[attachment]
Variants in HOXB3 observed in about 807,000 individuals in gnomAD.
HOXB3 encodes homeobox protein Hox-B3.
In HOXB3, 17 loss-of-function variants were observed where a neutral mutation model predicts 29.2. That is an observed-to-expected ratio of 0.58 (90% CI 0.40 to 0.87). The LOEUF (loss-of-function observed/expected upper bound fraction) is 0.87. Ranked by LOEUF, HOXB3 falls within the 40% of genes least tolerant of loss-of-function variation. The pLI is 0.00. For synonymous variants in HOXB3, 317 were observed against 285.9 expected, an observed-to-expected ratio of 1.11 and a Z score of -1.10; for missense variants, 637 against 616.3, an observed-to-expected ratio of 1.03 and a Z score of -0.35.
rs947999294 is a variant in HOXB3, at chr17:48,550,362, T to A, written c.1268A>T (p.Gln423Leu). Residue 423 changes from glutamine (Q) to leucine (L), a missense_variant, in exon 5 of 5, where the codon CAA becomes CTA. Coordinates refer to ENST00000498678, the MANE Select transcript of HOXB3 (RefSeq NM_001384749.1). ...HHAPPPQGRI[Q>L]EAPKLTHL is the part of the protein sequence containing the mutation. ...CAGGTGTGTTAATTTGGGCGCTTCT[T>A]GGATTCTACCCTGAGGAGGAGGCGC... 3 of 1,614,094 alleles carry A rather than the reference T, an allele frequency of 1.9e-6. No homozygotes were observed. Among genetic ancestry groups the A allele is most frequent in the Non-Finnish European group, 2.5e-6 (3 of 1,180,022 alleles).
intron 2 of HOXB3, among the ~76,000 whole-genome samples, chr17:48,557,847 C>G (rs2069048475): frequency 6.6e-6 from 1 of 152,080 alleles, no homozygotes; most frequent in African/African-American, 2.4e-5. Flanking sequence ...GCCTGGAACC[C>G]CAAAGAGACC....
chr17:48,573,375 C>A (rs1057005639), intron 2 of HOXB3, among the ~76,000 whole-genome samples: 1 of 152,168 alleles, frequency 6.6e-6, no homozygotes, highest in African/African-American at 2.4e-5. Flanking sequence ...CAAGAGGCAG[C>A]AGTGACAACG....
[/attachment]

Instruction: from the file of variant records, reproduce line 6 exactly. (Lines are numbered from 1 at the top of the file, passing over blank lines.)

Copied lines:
chr17:48,573,375 C>A (rs1057005639), intron 2 of HOXB3, among the ~76,000 whole-genome samples: 1 of 152,168 alleles, frequency 6.6e-6, no homozygotes, highest in African/African-American at 2.4e-5. Flanking sequence ...CAAGAGGCAG[C>A]AGTGACAACG....